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Ratings and Book Reviews (2 21 star ratings
2 reviews
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4.5 out of 5
21
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    Wish list

    A wonderful Christmas love story. You think you have your life all planned out and then . . . . . . You won’t regret this read. Great idea to have a wish list, I can see that now!
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    Festive Wynbridge

    I am pretty sure Wynbridge exists in some weird alternate dimension where it is permanently Christmas. I know it makes the perfect setting for the festivities and the characters do reference spring and summer occasionally but it just feels like it is isolated inside a snow globe and gets packed away on Twelfth Night. They also always seem to get snow just in time for Christmas - whilst this sets a nostalgic scene it has been a long time since we have had anything more than the odd snow flurry around Christmas in the UK and this particular White Christmas trope is beginning to wear thin. All that whining and yet I REALLY enjoyed this story. It was wonderful to step away from The Hall and the stories of the inhabitants. Yes, it does get numerous namechecks and even a couple of visits but it isn't the focus of this story. The focus is a brand new character, Hattie who has struck up a friendship with the ageing Dolly who just so happens to live in Wynbridge. When Hattie is made redundant Dolly gives her a refuge at her quaint cottage so that she can decide what her future holds - Will it be following her boyfriend Jonathan to Dubai? Will it be continuing with her career in Hospitality or should she really look into working with children? There is quite a lot going on for Hattie and when Dolly insists that they sit down and make a Christmas Wish List to help get her in the mood for the celebrations she is reluctant. Dolly insists and it is packed full of seasonal treats - ice skating in the open air, carol singing, baking and the obligatory wearing of "ugly sweaters". Even better Dolly coerces her in to helping out at the local Primary School in the run up to Christmas and the sheer excitement and joy of the children really comes across on the page. The book does deal really well with more sensitive topics - estrangement from your family, manipulative/abusive relationships and the loss of loved ones. There are a couple of scenes just over halfway through the book that are actually quite shocking but they feel right in the context of the story and not like they exist just to add a bit of drama or shock value. The "reveals" don't have any real shock value though as they are flagged up throughout the story but I still found myself empathising with the various characters. I genuinely became absorbed in this story and was always sad when I had to put the book down. Yes, it is cheesy, yes you can see what is going to happen from a mile off. Somehow that is all the more comforting and makes the book feel like a big, warm cuddle. After being disappointed with the last couple of Wynbridge books where it felt very much like a contractual obligation The Christmas Wish List was a breath of fresh, snow-laden air.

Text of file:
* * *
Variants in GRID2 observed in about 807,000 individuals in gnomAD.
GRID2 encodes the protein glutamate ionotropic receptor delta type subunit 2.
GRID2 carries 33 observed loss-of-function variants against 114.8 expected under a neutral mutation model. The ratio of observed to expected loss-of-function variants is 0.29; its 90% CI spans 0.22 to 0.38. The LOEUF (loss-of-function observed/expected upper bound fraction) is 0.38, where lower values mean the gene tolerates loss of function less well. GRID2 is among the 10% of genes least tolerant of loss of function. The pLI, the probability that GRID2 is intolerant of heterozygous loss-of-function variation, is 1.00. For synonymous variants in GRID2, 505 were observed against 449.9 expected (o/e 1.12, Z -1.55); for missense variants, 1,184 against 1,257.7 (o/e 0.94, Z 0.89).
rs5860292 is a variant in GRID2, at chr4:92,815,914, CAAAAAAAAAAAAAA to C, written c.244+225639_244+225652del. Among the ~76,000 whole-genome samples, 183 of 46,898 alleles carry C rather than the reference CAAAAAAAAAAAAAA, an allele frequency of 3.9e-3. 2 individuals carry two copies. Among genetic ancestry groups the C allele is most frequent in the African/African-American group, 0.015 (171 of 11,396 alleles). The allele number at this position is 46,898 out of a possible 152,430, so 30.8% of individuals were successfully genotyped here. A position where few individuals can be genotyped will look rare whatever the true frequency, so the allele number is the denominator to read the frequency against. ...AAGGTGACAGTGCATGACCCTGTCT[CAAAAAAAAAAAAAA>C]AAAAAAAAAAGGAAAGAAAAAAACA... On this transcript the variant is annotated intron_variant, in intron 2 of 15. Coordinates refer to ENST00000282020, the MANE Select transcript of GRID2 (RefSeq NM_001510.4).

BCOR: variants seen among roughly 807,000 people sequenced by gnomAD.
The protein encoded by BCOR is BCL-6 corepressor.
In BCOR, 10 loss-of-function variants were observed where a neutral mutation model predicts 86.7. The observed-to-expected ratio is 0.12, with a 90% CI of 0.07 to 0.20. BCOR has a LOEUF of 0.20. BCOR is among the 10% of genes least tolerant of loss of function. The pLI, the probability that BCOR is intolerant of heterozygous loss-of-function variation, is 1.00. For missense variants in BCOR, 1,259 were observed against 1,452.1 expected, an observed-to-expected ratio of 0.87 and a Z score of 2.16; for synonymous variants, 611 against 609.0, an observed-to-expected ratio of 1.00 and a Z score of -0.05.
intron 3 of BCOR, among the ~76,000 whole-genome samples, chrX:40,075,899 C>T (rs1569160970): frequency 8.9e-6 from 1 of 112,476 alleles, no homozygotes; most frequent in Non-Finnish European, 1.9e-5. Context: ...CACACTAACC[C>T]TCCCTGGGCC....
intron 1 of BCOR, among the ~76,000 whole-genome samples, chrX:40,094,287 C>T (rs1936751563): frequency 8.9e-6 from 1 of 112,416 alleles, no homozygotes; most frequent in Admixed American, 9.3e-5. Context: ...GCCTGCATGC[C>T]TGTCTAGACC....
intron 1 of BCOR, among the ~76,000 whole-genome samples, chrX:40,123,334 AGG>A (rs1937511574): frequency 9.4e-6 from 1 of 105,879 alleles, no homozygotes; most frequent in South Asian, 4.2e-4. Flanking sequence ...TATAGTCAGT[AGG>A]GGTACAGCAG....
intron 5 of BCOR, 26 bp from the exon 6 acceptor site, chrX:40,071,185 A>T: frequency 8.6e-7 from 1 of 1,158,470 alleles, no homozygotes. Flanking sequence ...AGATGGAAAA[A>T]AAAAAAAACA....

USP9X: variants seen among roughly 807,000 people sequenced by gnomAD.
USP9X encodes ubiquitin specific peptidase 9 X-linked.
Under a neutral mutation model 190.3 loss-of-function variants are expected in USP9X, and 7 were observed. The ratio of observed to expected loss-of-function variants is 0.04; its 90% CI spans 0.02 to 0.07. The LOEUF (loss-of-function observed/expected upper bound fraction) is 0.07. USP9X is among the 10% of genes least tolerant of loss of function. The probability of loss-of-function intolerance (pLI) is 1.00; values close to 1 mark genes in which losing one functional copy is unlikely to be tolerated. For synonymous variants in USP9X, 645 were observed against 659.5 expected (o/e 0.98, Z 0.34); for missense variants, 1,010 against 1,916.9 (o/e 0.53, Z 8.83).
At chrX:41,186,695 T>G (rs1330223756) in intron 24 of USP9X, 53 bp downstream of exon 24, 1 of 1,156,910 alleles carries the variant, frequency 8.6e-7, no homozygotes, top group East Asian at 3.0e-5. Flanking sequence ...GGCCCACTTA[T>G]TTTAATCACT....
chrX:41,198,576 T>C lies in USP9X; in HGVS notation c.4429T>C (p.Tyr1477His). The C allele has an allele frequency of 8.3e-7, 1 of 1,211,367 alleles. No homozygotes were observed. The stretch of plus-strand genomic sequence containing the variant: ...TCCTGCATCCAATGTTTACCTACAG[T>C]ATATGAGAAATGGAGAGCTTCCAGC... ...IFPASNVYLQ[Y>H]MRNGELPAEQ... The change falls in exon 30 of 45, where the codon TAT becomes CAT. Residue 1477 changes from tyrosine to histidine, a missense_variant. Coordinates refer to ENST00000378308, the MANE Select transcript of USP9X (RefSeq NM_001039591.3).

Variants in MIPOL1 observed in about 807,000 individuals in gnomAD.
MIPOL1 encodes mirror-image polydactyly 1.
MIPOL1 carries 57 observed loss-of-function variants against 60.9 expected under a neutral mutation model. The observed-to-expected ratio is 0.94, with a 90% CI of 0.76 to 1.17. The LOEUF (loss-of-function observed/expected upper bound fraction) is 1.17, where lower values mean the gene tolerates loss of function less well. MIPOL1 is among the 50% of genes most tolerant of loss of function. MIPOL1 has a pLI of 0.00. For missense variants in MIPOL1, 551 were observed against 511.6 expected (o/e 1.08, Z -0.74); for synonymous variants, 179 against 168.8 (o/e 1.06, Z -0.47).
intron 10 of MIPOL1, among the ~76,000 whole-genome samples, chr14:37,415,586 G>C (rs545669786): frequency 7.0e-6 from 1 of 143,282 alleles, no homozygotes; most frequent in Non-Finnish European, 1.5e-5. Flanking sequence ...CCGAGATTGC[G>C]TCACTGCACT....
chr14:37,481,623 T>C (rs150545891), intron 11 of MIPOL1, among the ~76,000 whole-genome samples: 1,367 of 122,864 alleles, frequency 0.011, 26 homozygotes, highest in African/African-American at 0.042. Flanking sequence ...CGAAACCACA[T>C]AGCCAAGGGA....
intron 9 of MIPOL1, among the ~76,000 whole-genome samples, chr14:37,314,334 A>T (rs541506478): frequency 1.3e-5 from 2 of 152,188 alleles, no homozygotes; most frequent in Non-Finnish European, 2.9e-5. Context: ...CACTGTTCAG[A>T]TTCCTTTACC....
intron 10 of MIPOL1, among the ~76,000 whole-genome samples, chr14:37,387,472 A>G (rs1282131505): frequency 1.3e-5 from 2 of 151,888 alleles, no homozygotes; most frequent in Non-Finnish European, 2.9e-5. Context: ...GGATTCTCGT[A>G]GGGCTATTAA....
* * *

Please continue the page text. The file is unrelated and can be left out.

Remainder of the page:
21

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